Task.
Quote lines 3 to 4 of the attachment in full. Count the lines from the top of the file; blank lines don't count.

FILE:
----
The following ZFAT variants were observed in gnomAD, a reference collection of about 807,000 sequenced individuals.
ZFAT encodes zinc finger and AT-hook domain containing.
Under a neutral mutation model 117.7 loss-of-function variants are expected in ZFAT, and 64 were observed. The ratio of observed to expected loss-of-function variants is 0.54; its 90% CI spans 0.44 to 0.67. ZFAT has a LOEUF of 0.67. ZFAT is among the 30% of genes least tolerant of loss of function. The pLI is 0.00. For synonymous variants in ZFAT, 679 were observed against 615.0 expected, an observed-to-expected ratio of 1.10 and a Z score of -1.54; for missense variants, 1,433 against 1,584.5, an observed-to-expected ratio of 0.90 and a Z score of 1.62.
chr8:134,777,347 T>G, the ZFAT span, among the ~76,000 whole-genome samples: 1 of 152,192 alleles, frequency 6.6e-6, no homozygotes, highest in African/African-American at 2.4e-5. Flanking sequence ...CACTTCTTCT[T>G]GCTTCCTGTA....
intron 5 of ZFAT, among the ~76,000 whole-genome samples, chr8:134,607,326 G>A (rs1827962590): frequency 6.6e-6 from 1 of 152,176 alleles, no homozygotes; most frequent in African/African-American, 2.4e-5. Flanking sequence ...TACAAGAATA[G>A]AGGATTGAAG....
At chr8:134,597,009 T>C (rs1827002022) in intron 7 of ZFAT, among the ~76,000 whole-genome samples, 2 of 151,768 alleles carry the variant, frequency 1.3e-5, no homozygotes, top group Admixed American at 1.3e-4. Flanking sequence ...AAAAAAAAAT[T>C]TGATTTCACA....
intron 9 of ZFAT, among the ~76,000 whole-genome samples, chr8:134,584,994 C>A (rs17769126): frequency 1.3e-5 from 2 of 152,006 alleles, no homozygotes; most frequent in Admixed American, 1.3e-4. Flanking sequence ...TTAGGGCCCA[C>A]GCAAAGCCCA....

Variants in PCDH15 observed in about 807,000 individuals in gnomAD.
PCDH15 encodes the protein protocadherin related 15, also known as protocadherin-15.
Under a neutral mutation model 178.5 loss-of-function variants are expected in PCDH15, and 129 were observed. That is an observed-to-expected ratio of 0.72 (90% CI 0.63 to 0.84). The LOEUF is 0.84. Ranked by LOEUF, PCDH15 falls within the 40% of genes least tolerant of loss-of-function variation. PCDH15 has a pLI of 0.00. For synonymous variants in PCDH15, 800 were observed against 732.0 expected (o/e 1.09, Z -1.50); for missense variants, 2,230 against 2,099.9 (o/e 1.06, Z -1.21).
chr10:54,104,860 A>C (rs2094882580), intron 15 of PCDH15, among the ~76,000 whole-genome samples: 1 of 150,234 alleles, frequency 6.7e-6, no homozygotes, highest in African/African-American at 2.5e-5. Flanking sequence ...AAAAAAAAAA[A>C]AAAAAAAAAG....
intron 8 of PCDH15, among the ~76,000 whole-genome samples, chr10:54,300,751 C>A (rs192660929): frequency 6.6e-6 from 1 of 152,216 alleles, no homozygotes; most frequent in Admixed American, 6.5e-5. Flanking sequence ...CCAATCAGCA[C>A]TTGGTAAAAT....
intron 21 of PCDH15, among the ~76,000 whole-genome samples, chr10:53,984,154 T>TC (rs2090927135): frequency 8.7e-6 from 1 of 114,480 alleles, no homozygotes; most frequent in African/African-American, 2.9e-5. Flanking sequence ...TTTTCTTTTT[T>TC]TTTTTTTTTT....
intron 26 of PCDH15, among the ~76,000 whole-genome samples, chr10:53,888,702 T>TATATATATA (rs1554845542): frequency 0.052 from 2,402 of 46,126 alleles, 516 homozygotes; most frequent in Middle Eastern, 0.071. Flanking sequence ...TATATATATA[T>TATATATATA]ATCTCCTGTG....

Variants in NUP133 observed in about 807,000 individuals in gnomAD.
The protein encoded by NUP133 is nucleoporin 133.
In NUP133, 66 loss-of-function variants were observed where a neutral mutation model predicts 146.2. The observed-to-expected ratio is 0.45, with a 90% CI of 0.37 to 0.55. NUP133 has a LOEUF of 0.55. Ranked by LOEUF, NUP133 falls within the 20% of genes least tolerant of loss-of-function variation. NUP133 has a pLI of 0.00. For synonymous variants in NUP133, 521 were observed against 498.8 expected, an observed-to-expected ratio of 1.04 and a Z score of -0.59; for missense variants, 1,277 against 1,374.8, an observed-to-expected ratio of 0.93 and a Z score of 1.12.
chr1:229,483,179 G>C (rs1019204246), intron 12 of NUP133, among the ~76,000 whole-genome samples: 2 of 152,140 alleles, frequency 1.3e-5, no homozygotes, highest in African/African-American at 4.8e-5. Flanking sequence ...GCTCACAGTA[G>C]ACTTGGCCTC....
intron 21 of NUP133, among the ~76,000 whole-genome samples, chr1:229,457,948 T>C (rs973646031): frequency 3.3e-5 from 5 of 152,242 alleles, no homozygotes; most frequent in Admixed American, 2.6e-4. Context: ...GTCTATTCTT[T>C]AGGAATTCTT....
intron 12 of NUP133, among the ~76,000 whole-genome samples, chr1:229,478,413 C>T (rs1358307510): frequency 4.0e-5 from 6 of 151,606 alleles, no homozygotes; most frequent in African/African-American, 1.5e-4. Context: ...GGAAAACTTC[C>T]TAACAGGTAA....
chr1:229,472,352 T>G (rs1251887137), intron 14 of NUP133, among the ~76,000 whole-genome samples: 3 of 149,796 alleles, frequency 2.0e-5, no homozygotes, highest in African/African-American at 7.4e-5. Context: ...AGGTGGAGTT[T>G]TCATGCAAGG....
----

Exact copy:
Under a neutral mutation model 117.7 loss-of-function variants are expected in ZFAT, and 64 were observed. The ratio of observed to expected loss-of-function variants is 0.54; its 90% CI spans 0.44 to 0.67. ZFAT has a LOEUF of 0.67. ZFAT is among the 30% of genes least tolerant of loss of function. The pLI is 0.00. For synonymous variants in ZFAT, 679 were observed against 615.0 expected, an observed-to-expected ratio of 1.10 and a Z score of -1.54; for missense variants, 1,433 against 1,584.5, an observed-to-expected ratio of 0.90 and a Z score of 1.62.
chr8:134,777,347 T>G, the ZFAT span, among the ~76,000 whole-genome samples: 1 of 152,192 alleles, frequency 6.6e-6, no homozygotes, highest in African/African-American at 2.4e-5. Flanking sequence ...CACTTCTTCT[T>G]GCTTCCTGTA....